For more than 30 years, Boston Scientific has advanced the practice of less-invasive medicine by providing a broad and deep portfolio of innovative products, technologies and services across a wide range of medical specialties. These less-invasive medical technologies provide alternatives to major surgery and other medical procedures that are typically traumatic to the body. In less-invasive procedures, devices are usually inserted into the body through natural openings or small incisions and can be guided to most areas of the anatomy to diagnose and treat a wide range of medical problems.
A History of Innovation
What does it mean to be an innovator? It starts with a mission. Since its founding, Boston Scientific has been motivated by the belief that less-invasive medicine could help clinicians improve patient care by reducing risk, trauma, cost, procedure time and the need for aftercare. That mission began in the late 1960s, when co-founder John Abele acquired an equity interest in Medi-tech Inc., a research and development company focused on developing alternatives to traditional surgery. Medi-tech’s first products, a family of steerable catheters, were introduced in 1969 and were used in some of the first less-invasive procedures. Versions of these steerable catheters are still used today. In 1979, Abele and Pete Nicholas partnered to buy Medi-tech and together formed Boston Scientific Corporation.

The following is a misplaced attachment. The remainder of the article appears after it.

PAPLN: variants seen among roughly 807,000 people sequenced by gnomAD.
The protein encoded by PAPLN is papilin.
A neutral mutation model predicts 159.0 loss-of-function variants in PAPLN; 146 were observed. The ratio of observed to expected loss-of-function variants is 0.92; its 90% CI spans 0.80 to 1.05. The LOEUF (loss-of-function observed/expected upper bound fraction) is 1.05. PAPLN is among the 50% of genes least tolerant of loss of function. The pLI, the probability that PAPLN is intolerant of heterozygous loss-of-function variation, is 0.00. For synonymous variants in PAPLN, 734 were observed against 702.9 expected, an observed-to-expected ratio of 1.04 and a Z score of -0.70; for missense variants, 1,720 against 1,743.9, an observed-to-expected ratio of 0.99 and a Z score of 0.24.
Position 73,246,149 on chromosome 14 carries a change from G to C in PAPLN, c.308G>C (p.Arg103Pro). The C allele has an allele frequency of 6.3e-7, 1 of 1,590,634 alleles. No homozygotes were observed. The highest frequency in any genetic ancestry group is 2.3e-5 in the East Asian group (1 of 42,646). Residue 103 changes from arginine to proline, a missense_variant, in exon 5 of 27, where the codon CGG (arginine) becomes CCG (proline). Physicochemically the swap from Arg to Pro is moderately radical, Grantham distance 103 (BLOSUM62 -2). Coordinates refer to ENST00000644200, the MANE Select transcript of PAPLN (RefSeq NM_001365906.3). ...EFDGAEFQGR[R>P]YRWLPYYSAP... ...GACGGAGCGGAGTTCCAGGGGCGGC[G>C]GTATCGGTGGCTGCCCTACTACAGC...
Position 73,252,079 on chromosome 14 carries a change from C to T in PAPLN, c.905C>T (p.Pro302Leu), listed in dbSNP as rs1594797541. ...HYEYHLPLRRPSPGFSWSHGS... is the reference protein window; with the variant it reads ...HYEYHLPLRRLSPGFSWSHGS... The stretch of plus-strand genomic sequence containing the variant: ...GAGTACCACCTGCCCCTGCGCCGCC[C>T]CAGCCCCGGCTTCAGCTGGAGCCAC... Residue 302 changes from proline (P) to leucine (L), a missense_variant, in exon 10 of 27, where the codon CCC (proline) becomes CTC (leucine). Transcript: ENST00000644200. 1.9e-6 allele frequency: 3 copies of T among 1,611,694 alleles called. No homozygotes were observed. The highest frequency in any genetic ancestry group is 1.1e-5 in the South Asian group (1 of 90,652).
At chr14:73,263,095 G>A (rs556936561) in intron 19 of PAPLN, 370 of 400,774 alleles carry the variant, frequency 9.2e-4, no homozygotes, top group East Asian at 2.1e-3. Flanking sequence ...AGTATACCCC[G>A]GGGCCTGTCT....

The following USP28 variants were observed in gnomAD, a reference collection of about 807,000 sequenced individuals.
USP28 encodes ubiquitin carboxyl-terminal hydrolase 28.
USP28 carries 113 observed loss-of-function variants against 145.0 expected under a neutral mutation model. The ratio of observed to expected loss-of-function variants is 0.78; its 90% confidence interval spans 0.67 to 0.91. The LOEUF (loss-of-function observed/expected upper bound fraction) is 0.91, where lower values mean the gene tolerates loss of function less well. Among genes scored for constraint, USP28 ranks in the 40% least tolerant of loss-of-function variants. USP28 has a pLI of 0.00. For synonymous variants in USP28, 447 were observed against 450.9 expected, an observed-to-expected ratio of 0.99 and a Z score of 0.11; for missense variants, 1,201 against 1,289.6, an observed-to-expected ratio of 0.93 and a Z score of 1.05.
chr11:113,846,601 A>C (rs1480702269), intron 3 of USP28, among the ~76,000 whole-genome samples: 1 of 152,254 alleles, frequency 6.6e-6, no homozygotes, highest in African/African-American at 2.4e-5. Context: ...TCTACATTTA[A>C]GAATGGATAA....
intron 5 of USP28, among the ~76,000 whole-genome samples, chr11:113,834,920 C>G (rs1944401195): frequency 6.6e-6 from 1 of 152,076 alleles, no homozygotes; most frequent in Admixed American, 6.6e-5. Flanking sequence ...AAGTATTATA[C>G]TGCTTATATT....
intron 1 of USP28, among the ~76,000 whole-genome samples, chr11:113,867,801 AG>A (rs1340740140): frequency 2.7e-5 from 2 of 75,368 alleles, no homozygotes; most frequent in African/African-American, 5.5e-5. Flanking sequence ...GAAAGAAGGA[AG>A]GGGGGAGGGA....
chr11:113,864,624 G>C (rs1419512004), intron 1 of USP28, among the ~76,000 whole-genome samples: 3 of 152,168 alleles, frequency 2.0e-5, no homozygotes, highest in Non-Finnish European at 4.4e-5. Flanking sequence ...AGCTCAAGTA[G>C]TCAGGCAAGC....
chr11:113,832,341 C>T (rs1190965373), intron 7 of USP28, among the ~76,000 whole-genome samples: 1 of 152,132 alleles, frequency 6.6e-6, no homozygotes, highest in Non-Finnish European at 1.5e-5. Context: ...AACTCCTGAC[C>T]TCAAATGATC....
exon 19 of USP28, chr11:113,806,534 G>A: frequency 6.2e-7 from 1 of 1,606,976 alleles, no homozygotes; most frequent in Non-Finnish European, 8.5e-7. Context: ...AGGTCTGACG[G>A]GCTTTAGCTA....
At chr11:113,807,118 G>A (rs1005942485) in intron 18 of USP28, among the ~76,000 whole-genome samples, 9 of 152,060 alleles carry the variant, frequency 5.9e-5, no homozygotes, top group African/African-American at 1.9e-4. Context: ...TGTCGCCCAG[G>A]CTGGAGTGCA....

Boston Scientific Today
Today, with approximately 23,000 employees and 18 manufacturing facilities worldwide, Boston Scientific remains true to its original mission. As the world’s largest medical device company dedicated to less-invasive medicine, Boston Scientific believes each innovative product is the outcome of strong research and development, intelligent acquisitions, close collaboration with clinicians, outstanding operational and quality processes and a powerful global distribution channel. As a market leader in less-invasive medical devices delivering products to clinicians in 100 countries, Boston Scientific works every day to build the knowledge, processes and infrastructure it needs to identify opportunities, address new disease areas and support clinicians in advancing the practice of health care around the world.